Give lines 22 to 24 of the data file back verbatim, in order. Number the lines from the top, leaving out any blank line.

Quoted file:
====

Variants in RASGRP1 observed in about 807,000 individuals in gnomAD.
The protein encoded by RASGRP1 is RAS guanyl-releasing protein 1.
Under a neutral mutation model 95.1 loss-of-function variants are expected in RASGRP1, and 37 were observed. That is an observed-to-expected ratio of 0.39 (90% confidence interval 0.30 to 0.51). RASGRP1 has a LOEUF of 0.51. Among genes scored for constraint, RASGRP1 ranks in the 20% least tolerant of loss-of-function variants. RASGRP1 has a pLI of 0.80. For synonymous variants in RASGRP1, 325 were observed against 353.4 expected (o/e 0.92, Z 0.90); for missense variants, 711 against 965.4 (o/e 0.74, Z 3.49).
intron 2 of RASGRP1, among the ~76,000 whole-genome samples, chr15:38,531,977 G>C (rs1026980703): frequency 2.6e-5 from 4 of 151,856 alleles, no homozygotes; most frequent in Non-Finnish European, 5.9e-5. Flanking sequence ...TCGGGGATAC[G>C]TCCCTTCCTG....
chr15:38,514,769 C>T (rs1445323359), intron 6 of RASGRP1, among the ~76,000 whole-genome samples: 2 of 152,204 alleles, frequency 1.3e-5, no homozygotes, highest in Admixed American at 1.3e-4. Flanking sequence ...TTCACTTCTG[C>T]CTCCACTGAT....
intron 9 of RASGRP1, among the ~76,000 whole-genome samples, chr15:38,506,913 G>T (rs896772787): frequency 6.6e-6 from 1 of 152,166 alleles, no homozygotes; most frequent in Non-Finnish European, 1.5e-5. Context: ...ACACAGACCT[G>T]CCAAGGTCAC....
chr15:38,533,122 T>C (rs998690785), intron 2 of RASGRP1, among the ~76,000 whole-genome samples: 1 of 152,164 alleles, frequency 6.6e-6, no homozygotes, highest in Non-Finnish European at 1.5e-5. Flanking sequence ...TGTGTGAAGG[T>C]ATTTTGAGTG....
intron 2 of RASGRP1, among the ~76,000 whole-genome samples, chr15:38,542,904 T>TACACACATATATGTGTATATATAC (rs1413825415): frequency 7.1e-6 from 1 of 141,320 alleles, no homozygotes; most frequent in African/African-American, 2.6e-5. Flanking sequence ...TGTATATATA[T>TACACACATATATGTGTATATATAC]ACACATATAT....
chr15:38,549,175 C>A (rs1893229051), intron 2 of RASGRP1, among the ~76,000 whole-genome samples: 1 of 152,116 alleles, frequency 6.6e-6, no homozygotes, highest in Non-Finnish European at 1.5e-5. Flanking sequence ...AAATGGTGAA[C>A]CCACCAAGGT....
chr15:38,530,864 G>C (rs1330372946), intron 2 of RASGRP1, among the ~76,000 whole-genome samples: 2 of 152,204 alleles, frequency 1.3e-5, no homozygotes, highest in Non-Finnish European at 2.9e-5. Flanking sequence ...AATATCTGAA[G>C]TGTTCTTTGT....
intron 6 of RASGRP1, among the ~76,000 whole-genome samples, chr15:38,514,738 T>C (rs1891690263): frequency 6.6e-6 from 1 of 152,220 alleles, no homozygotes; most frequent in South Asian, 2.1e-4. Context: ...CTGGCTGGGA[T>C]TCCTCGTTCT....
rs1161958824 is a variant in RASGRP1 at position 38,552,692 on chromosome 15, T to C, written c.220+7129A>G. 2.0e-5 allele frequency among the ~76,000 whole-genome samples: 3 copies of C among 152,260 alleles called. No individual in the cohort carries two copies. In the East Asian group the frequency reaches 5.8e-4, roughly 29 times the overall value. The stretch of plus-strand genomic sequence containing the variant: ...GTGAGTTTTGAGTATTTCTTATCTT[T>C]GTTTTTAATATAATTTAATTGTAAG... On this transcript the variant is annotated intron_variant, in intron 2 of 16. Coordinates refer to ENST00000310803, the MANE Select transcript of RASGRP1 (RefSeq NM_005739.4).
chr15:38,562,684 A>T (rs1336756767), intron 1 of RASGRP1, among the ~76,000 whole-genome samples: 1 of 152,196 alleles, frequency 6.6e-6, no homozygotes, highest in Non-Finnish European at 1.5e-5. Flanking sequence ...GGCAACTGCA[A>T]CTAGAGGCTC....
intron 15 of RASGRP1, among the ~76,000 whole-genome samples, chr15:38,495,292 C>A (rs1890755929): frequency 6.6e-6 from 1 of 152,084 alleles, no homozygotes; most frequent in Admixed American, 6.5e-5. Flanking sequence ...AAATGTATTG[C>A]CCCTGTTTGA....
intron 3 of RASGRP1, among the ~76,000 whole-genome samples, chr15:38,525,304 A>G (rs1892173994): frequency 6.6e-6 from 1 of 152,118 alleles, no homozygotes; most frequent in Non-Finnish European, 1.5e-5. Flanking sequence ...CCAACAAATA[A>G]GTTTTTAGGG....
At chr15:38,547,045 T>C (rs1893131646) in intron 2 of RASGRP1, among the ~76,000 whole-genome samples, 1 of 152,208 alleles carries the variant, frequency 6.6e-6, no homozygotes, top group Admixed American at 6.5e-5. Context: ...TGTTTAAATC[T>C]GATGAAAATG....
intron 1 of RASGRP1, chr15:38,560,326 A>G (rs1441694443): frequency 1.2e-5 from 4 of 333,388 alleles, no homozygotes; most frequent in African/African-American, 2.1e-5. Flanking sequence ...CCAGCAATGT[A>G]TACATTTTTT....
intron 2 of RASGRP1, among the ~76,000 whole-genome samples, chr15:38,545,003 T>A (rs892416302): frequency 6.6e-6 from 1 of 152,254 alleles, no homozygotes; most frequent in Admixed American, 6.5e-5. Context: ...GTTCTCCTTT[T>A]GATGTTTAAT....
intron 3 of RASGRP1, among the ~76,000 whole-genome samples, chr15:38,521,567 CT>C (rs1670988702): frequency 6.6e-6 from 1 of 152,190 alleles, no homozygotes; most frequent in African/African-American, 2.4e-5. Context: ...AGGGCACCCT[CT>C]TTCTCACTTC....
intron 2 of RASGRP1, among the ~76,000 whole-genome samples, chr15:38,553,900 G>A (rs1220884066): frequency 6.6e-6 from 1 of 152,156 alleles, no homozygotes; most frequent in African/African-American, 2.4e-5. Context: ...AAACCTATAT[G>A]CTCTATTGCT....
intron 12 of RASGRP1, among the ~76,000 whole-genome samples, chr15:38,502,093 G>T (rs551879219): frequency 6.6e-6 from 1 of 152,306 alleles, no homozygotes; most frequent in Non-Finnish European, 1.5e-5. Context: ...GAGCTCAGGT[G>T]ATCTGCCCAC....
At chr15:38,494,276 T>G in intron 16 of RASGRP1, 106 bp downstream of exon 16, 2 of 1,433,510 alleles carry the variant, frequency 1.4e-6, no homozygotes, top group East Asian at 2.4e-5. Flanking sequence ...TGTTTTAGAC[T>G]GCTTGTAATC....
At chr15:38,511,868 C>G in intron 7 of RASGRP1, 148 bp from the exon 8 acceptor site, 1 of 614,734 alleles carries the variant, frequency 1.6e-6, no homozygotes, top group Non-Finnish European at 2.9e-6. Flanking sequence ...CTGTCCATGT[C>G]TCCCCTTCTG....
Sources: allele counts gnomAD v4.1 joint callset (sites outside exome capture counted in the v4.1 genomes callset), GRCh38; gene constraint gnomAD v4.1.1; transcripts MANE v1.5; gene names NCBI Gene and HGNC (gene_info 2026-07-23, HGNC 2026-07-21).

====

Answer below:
At chr15:38,494,276 T>G in intron 16 of RASGRP1, 106 bp downstream of exon 16, 2 of 1,433,510 alleles carry the variant, frequency 1.4e-6, no homozygotes, top group East Asian at 2.4e-5. Flanking sequence ...TGTTTTAGAC[T>G]GCTTGTAATC....
At chr15:38,511,868 C>G in intron 7 of RASGRP1, 148 bp from the exon 8 acceptor site, 1 of 614,734 alleles carries the variant, frequency 1.6e-6, no homozygotes, top group Non-Finnish European at 2.9e-6. Flanking sequence ...CTGTCCATGT[C>G]TCCCCTTCTG....
Sources: allele counts gnomAD v4.1 joint callset (sites outside exome capture counted in the v4.1 genomes callset), GRCh38; gene constraint gnomAD v4.1.1; transcripts MANE v1.5; gene names NCBI Gene and HGNC (gene_info 2026-07-23, HGNC 2026-07-21).